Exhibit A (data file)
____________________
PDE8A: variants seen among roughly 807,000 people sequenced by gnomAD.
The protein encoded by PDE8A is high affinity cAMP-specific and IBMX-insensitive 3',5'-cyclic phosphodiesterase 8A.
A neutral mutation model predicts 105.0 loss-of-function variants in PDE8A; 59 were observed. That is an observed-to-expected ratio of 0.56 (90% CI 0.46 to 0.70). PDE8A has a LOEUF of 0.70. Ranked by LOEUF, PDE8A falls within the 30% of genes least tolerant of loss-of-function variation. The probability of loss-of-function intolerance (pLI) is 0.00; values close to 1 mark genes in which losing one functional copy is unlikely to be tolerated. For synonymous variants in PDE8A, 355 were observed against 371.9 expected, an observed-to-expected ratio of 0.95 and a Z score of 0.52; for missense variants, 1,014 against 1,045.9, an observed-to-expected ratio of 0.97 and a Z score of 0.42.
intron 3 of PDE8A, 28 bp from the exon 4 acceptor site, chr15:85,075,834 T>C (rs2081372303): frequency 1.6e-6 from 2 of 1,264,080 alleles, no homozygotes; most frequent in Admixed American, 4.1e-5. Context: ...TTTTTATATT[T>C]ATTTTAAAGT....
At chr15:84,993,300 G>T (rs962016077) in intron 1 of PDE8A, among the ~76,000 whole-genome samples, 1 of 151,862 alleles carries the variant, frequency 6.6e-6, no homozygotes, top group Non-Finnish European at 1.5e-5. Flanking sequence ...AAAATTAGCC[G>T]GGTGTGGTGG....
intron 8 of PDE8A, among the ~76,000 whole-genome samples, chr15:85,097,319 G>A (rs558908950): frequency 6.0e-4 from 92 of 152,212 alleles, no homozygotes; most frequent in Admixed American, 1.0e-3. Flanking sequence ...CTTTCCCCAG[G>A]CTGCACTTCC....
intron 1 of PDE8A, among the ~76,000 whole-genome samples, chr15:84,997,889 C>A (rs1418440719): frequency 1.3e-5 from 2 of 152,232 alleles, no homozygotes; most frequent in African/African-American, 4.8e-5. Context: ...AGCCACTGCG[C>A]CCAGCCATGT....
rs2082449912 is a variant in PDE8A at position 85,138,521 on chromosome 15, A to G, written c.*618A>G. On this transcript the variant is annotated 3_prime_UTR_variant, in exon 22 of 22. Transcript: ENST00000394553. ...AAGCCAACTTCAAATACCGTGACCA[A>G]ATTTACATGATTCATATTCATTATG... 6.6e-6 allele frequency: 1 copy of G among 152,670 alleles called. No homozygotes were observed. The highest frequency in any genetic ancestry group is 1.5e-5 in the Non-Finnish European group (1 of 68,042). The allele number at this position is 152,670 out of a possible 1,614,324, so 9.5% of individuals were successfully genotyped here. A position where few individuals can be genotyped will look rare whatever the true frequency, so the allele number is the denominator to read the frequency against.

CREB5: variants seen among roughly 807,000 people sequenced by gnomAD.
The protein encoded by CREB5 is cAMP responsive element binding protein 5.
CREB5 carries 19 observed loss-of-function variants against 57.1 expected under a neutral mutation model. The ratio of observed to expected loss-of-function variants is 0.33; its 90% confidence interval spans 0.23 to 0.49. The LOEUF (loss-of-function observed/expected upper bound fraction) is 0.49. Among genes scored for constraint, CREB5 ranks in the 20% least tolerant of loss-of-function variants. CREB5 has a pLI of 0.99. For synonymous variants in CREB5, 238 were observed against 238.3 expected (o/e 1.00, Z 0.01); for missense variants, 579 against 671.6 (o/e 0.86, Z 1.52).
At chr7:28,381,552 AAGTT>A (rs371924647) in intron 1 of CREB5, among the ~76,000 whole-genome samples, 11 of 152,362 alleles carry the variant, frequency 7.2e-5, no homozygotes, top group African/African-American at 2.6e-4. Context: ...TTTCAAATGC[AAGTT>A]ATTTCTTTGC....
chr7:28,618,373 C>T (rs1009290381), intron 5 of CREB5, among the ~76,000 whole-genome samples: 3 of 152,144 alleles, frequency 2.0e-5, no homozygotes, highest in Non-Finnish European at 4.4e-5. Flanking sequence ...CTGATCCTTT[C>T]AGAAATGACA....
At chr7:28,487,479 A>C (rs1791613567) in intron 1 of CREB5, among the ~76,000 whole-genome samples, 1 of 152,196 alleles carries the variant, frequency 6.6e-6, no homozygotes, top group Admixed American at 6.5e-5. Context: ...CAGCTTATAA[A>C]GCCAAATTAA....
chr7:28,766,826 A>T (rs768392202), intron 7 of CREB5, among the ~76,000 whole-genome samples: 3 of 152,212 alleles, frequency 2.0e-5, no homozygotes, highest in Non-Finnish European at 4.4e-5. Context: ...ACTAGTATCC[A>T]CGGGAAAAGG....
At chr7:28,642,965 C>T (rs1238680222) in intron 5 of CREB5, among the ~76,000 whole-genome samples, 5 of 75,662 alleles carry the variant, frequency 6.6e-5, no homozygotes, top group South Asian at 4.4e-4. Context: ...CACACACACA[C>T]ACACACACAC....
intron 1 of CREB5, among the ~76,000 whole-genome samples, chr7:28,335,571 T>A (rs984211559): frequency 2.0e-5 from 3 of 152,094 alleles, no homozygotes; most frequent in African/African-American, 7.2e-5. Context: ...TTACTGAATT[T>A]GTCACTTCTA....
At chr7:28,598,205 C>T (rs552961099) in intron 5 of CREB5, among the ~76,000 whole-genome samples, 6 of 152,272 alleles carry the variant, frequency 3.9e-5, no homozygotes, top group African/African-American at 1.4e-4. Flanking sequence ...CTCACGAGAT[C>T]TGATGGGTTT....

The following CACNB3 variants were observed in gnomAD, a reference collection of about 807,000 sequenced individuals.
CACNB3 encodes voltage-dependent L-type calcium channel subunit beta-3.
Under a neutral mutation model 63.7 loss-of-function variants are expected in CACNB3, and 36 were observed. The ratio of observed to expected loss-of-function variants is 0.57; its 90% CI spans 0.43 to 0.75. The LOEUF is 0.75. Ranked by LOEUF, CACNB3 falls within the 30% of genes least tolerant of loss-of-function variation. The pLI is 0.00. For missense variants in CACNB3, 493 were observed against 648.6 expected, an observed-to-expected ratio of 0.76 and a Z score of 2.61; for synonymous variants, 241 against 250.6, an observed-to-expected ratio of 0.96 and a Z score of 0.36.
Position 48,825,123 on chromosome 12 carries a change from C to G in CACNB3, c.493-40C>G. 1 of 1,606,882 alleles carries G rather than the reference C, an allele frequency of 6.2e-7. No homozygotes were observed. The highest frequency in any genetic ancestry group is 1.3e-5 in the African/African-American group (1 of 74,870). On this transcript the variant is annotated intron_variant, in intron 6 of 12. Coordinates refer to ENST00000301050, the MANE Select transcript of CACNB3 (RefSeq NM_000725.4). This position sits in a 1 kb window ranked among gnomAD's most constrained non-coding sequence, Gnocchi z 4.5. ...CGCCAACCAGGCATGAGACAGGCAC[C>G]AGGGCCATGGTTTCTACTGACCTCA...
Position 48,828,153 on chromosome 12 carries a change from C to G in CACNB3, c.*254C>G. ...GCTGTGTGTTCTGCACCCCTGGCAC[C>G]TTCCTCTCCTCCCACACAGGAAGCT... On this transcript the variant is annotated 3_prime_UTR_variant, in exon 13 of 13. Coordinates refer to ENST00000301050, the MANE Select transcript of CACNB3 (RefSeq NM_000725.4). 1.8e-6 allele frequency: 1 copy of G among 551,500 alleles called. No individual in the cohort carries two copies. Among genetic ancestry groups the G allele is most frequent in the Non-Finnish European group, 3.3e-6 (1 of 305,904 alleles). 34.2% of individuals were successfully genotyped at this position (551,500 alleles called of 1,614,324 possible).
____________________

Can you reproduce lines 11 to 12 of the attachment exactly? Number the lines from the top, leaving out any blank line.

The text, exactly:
CREB5 carries 19 observed loss-of-function variants against 57.1 expected under a neutral mutation model. The ratio of observed to expected loss-of-function variants is 0.33; its 90% confidence interval spans 0.23 to 0.49. The LOEUF (loss-of-function observed/expected upper bound fraction) is 0.49. Among genes scored for constraint, CREB5 ranks in the 20% least tolerant of loss-of-function variants. CREB5 has a pLI of 0.99. For synonymous variants in CREB5, 238 were observed against 238.3 expected (o/e 1.00, Z 0.01); for missense variants, 579 against 671.6 (o/e 0.86, Z 1.52).
At chr7:28,381,552 AAGTT>A (rs371924647) in intron 1 of CREB5, among the ~76,000 whole-genome samples, 11 of 152,362 alleles carry the variant, frequency 7.2e-5, no homozygotes, top group African/African-American at 2.6e-4. Context: ...TTTCAAATGC[AAGTT>A]ATTTCTTTGC....